BHA takes action regarding past disciplinary cases involving Matthew Lohn 

14 Jul 2016 Disciplinary Integrity

The BHA announced today that it has written to a number of individuals who were party to one of seven disciplinary cases where there might be grounds to claim an appearance of bias in the Panel hearing those cases. For the avoidance of doubt, no grounds for asserting any actual bias exists in these cases. The BHA is taking this action having taken advice from Leading Counsel, Ian Mill QC.

These were cases in which Matthew Lohn sat as a member of the BHA’s Disciplinary Panel following his instruction by the BHA, in October 2013, to provide advice on issues unrelated to his work as a Panel member. In these cases, the Panel found individuals in breach of the Rules of Racing and imposed a penalty. Two of the cases dismissed appeals from a decision of the racecourse stewards and confirmed the penalties, while the other five were where an individual was found in breach and a penalty was imposed. The possibility of asserting an appearance of bias in relation to these cases arises from the failure of the BHA at the time to draw to the attention of the individuals concerned the fact that the BHA had instructed Mr Lohn to do this other unrelated work.

The BHA’s letter outlines the options that are available to those affected, which includes the possibility of any challenge to the decisions made being considered in an arbitral process. In all cases the BHA is encouraging the individuals concerned to take advice and to come forward and discuss the matter should they have any concerns.

Separately, an appeal by Paul Gilligan in relation to the finding against him by a Disciplinary Panel (including Mr Lohn) on 21 and 22 March 2016 was resolved yesterday by agreement between the parties concerned. The Appeal Board Chairman, George Bartlett QC, has made an order to allow Mr Gilligan’s appeal, for the case to be remitted for redetermination by a differently constituted Disciplinary Panel and for the BHA to pay Mr Gilligan’s costs of the appeal as agreed or as determined by an Appeal Board Chairman.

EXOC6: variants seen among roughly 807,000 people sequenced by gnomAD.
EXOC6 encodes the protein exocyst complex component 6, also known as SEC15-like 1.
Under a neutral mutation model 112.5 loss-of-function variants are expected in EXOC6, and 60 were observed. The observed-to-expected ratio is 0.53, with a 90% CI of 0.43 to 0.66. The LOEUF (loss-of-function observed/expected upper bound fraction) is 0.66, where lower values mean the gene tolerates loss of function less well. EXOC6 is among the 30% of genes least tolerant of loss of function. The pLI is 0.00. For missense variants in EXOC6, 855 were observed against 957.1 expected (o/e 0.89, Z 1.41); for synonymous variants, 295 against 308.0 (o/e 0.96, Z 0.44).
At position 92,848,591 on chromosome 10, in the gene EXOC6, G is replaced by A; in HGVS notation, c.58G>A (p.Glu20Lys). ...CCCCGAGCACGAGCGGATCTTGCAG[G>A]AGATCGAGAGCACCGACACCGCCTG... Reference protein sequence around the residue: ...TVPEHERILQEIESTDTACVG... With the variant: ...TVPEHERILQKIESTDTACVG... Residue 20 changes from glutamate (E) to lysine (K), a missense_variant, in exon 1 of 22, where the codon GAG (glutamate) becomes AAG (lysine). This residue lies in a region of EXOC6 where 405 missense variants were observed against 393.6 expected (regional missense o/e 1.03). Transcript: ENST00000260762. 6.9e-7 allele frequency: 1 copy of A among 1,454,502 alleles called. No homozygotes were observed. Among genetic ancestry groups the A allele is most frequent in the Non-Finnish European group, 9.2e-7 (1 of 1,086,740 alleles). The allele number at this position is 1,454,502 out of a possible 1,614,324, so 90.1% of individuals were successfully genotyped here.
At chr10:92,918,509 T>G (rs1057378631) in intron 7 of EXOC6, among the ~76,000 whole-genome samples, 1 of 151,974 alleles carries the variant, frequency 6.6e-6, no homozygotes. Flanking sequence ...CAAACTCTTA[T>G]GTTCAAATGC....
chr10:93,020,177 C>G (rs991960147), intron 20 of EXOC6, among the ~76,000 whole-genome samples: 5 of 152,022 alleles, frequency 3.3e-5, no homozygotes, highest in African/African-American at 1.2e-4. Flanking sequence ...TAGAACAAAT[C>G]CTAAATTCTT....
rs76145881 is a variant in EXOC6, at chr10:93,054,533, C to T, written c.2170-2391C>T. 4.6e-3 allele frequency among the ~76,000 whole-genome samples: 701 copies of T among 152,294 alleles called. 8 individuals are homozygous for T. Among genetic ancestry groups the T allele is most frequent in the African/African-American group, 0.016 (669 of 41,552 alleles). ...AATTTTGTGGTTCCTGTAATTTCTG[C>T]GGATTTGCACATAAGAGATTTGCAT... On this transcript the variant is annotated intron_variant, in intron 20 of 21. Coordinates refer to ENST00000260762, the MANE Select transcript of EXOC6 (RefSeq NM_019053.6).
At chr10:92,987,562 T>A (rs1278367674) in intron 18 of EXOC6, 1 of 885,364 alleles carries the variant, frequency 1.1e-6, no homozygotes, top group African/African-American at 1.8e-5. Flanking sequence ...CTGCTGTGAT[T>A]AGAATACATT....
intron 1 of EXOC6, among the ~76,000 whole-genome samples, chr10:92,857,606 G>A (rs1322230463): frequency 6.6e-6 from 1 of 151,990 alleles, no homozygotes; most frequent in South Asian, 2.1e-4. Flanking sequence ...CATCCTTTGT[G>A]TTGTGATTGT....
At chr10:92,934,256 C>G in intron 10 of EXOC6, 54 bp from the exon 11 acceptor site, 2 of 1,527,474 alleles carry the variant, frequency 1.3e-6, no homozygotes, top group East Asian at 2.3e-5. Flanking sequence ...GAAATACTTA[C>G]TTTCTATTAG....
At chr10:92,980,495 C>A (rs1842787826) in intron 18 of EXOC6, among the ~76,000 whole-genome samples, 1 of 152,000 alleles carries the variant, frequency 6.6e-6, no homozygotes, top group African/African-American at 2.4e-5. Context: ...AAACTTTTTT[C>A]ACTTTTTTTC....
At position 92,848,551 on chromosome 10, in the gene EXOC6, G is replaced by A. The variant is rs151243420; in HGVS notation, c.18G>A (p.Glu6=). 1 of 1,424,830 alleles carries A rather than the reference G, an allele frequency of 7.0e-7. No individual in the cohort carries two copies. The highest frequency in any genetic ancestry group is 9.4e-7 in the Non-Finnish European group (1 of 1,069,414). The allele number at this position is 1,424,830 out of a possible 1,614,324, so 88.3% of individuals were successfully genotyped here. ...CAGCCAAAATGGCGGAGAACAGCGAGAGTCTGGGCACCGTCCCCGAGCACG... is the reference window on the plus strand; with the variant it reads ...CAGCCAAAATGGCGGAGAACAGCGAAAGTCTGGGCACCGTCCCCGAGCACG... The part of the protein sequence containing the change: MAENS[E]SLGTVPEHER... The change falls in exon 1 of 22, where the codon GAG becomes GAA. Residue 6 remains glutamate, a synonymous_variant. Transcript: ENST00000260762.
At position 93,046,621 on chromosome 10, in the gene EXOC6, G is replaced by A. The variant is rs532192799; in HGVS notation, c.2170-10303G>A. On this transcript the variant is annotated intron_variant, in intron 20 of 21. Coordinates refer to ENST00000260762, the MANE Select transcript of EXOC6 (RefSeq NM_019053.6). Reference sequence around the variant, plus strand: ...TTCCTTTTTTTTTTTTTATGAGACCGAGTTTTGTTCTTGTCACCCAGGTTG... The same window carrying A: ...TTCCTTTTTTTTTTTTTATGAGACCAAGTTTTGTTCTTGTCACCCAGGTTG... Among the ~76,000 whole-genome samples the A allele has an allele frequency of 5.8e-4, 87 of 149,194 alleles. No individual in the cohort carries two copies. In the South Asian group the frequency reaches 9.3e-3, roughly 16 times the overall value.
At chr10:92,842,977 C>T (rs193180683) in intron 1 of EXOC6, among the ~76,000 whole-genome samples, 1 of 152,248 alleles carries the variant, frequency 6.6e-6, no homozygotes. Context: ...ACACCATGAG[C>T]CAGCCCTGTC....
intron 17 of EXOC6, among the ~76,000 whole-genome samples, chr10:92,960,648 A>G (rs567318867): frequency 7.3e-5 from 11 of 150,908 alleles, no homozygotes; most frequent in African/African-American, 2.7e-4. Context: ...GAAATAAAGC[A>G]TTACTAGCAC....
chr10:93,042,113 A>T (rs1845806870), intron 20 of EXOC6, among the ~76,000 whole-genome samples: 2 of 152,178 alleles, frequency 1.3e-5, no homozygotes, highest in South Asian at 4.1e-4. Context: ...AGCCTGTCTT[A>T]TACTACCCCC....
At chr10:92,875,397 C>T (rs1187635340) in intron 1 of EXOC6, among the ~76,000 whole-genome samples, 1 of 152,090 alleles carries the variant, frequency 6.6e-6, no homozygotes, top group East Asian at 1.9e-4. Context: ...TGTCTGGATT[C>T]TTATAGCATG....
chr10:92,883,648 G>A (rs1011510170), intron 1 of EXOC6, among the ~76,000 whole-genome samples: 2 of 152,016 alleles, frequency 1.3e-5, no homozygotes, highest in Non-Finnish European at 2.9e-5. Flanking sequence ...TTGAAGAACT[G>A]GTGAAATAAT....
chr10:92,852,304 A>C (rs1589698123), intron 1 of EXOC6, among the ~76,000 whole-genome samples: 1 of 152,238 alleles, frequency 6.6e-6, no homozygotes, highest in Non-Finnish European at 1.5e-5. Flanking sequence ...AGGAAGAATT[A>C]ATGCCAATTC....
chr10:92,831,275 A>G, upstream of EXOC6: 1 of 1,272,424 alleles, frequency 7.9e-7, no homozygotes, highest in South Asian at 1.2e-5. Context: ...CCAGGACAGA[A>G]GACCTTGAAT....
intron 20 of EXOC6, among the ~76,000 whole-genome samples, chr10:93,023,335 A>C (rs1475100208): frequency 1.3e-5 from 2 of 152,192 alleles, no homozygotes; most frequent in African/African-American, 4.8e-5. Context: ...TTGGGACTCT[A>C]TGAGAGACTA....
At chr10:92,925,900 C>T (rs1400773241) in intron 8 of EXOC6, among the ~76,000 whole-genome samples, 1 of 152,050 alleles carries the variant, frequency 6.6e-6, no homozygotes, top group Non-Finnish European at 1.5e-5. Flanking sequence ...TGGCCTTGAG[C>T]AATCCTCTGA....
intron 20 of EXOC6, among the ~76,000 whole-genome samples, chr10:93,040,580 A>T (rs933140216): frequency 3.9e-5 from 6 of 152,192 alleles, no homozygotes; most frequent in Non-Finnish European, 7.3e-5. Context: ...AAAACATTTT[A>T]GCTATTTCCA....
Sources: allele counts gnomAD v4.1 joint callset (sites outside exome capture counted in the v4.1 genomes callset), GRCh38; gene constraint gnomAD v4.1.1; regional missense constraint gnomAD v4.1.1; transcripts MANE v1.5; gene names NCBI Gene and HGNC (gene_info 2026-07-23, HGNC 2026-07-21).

Nick Rust, Chief Executive of the BHA, said:

“We are acting fairly, responsibly and proactively to deal with this matter and to address issues arising from a small number of past cases involving Matthew Lohn. We will provide support and guidance to anyone who decides to come forward to discuss any concerns that they might have and how best to resolve them.”

All cases will be dealt with based on their individual circumstances. In the interests of confidentiality, the BHA cannot make any further comment on any of the cases involved, or the individuals concerned.

Notes to Editors:

1.    The British Horseracing Authority (BHA) recently decided not to contest an appeal to a decision made by a Disciplinary Panel, on the grounds of an appearance of bias. This was because the BHA had not disclosed the fact that the Chairman of the Disciplinary Panel, Matthew Lohn, had provided the BHA with advice on matters unrelated to his services as a member of the Disciplinary Panel.

2.    The BHA accepted that at the time of the hearing this gave rise to an appearance of bias. One of the grounds on which the Appeal Board subsequently upheld the appeal was that there was an appearance of bias. The Appeal Board also directed that a rehearing should take place.

3.    The BHA is not waiving legal privilege and does not concede any position in relation to any case.

4.    The BHA’s announcement that it was taking advice from Ian Mill QC was included in this statement:

5.    No date has yet been set for the rehearings of cases involving Jim Best or Paul Gilligan. Announcements will be made when dates have been set.